A new study demonstrates that puppets can attract and hold the attention of children with autism spectrum disorder (ASD), raising the potential for developing more engaging therapies that strengthen social engagement and facilitate learning.

Artificial neural networks is helping researchers uncover new clues as to why people on the autism spectrum have trouble interpreting facial expressions.

Researchers have revealed how proteins accumulate in the incorrect parts of brain cells in amyotrophic lateral sclerosis (ALS) and demonstrate how it may be possible to reverse the accumulation. ALS, more commonly known as motor neuron disease, is a progressive fatal disease that affects nerve cells in the brain and spinal cord, causing loss of muscle control, with patients become increasingly paralyzed and losing the ability to speak, eat and breathe. 

Combining artificial intelligence, mathematical modeling, and brain imaging data, researchers have shed light on the neural processes that occur when people use mental abstraction.

A team of scientists has uncovered a system in the brain used in the processing of information and in the storing of memories—akin to how railroad switches control a train’s destination. The findings offer new insights into how the brain functions.

Finally this week, researchers have developed a powerful miniature brain platform to study the mechanistic causes of Alzheimer’s disease and to test dementia drugs in development.

Weekly Neuroscience Update

New research shows dancing to music may halt progression of Parkinson’s disease.

A new systematic review reports that individuals with more than five symptoms during the first week of a SARS-CoV-2 infection were at increased risk of developing persistent symptoms or long COVID.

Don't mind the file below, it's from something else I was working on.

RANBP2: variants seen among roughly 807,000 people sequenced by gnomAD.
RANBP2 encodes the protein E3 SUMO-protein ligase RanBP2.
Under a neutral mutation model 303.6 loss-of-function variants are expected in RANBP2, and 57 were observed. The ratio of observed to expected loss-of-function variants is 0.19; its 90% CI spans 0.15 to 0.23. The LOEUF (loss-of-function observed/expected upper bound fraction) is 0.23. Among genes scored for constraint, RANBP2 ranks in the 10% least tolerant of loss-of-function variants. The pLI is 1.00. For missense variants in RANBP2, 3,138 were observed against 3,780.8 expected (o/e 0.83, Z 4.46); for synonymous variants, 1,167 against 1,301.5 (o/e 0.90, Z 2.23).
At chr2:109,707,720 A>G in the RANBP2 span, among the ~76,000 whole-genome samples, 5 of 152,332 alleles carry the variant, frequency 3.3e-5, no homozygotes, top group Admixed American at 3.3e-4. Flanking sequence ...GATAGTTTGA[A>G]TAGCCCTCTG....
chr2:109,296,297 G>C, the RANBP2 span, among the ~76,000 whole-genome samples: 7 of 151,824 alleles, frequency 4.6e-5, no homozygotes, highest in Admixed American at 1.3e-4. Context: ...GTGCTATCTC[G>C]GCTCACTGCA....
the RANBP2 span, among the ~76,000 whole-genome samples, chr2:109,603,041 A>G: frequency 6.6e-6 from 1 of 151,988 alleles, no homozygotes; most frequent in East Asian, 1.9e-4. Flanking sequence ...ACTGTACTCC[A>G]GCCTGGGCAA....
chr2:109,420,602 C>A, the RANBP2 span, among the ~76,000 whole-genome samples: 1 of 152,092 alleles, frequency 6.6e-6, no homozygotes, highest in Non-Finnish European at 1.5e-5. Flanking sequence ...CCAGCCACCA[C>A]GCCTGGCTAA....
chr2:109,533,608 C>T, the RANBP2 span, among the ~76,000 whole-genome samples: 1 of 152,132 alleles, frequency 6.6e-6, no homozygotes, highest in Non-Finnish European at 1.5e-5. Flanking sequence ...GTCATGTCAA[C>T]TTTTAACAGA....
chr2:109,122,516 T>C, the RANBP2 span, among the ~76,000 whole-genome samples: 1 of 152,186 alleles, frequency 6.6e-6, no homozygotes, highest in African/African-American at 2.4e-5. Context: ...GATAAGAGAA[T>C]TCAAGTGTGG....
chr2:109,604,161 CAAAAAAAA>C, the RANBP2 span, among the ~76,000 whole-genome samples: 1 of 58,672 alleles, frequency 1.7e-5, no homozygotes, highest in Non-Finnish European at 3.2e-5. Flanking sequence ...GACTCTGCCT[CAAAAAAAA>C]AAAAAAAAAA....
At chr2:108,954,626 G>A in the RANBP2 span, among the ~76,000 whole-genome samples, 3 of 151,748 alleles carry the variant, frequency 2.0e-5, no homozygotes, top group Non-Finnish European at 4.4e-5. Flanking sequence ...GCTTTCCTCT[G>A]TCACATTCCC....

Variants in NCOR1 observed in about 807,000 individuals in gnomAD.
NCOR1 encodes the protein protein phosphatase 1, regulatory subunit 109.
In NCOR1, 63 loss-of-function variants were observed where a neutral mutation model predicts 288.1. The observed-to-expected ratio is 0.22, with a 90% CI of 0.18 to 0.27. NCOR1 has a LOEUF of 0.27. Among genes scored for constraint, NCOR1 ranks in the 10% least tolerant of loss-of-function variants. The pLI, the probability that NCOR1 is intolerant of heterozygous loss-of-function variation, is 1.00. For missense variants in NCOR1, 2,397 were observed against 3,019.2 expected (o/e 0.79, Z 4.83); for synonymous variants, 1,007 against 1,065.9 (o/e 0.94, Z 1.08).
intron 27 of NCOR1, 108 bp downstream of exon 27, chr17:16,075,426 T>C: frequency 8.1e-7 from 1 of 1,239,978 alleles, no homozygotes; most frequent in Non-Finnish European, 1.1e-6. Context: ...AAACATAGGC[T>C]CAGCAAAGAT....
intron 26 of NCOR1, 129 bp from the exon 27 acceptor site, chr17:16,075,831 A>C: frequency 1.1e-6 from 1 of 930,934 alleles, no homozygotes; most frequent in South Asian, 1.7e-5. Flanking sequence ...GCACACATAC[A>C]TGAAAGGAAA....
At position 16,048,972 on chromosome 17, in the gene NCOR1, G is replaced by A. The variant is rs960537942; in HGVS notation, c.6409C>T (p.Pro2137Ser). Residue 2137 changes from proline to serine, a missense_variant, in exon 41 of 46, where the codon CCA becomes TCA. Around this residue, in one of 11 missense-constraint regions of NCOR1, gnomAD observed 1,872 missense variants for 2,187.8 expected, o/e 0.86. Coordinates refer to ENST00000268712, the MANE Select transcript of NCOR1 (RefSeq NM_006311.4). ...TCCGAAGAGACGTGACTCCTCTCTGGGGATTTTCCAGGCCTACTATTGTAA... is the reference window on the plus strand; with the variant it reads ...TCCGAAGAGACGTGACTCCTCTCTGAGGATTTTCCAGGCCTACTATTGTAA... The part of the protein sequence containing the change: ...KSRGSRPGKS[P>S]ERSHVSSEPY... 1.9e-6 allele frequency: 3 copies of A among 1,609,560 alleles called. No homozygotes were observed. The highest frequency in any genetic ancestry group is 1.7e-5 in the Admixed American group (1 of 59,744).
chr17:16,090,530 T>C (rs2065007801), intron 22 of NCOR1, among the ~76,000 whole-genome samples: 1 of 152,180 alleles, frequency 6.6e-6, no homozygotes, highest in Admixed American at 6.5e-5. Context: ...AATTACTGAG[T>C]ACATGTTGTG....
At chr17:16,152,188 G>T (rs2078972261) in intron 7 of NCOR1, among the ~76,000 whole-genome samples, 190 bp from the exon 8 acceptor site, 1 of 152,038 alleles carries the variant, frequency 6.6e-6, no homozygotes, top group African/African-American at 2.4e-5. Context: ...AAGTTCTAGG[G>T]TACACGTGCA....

Psychologists have advanced a new theory linking neurotic unhappiness and creativity, arguing that natural worriers may also have highly active imaginations and be more creative problem-solvers.

People who practice meditation often report feeling “pure awareness” in which they say they experience consciousness itself. The state encompasses specific sensations and non-specific feelings, thoughts, and perceptions. Researchers say their findings will help explain “pure consciousness,” and work to generate a prototypical minimal model for human conscious perception.

A recent study has reveals how the brain processes information about the natural environment and generates an aesthetic appreciation.

Researchers have found longer gestational age was significantly associated with better performance in tests of math, languages, social studies, and science at age nine. Children born at 41 weeks performed better in all areas, especially mathematics.

A newly developed questionnaire can detect autism in children between the ages of 18 to 30 months.